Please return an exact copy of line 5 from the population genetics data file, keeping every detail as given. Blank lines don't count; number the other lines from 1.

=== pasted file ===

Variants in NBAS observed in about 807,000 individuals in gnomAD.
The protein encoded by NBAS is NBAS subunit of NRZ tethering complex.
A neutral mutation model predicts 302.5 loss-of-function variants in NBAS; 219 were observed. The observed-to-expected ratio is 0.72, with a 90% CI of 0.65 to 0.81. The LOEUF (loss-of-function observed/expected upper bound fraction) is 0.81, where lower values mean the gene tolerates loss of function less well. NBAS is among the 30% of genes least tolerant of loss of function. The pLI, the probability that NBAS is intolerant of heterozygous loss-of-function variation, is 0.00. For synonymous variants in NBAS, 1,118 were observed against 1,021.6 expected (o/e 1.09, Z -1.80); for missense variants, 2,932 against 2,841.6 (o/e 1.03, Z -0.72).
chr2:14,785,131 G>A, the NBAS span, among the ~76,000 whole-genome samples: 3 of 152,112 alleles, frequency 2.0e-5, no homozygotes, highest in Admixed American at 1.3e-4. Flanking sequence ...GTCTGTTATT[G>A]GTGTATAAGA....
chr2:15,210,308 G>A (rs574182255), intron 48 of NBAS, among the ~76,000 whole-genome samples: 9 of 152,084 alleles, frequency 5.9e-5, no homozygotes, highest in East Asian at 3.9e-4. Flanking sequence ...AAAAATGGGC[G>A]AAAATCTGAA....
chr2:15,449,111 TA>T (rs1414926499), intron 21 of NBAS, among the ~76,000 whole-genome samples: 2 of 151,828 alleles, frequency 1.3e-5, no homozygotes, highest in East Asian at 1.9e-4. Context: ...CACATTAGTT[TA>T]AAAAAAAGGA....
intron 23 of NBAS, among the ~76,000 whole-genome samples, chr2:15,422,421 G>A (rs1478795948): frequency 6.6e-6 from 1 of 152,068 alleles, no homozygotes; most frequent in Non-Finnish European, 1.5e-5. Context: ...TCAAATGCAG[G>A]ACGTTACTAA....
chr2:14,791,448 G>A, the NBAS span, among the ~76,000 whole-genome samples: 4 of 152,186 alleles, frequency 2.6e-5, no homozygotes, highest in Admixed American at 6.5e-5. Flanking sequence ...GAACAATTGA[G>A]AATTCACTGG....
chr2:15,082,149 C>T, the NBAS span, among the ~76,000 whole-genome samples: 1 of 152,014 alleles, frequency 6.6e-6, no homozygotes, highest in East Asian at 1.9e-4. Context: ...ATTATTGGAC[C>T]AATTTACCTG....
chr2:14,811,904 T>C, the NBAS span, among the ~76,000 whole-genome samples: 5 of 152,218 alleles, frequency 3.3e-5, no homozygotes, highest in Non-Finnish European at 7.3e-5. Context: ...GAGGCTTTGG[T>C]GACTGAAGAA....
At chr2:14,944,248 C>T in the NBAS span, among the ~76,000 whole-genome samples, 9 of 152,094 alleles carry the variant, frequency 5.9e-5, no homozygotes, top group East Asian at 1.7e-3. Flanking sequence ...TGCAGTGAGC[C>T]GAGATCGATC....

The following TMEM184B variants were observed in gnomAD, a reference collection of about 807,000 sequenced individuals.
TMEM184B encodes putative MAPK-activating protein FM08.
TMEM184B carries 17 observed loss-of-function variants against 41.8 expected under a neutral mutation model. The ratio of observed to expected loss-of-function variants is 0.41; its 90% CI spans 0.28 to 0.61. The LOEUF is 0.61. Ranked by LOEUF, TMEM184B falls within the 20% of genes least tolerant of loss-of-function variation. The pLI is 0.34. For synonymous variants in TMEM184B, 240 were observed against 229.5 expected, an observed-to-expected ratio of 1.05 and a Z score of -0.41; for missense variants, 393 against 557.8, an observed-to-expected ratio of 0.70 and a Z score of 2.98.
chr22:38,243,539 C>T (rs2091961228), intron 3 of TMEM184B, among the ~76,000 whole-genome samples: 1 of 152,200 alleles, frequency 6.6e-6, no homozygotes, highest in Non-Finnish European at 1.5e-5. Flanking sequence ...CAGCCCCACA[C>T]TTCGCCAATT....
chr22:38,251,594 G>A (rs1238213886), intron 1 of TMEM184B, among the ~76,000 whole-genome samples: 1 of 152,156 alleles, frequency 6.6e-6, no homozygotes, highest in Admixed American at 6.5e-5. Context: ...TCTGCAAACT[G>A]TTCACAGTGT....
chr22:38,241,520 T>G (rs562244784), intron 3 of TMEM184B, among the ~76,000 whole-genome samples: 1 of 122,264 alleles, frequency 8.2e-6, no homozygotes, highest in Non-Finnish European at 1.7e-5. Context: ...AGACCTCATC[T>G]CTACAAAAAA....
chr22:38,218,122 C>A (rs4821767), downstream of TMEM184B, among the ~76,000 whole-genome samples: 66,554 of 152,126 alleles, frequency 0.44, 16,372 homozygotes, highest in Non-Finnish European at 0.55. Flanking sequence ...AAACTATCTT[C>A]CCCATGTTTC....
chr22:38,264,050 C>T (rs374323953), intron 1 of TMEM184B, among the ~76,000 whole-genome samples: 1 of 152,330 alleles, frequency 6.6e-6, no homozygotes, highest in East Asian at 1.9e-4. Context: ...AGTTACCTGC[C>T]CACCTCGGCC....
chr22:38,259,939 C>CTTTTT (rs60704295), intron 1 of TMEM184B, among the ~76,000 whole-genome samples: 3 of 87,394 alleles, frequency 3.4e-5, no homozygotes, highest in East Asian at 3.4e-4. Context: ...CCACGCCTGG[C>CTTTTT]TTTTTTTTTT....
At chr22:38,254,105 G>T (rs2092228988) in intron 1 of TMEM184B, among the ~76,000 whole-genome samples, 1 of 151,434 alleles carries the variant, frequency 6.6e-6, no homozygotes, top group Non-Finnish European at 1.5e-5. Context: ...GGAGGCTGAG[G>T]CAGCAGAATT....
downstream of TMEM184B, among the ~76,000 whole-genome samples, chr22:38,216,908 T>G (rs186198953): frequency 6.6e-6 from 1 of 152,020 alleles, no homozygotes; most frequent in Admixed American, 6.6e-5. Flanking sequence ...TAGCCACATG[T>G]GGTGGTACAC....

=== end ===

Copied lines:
chr2:15,210,308 G>A (rs574182255), intron 48 of NBAS, among the ~76,000 whole-genome samples: 9 of 152,084 alleles, frequency 5.9e-5, no homozygotes, highest in East Asian at 3.9e-4. Flanking sequence ...AAAAATGGGC[G>A]AAAATCTGAA....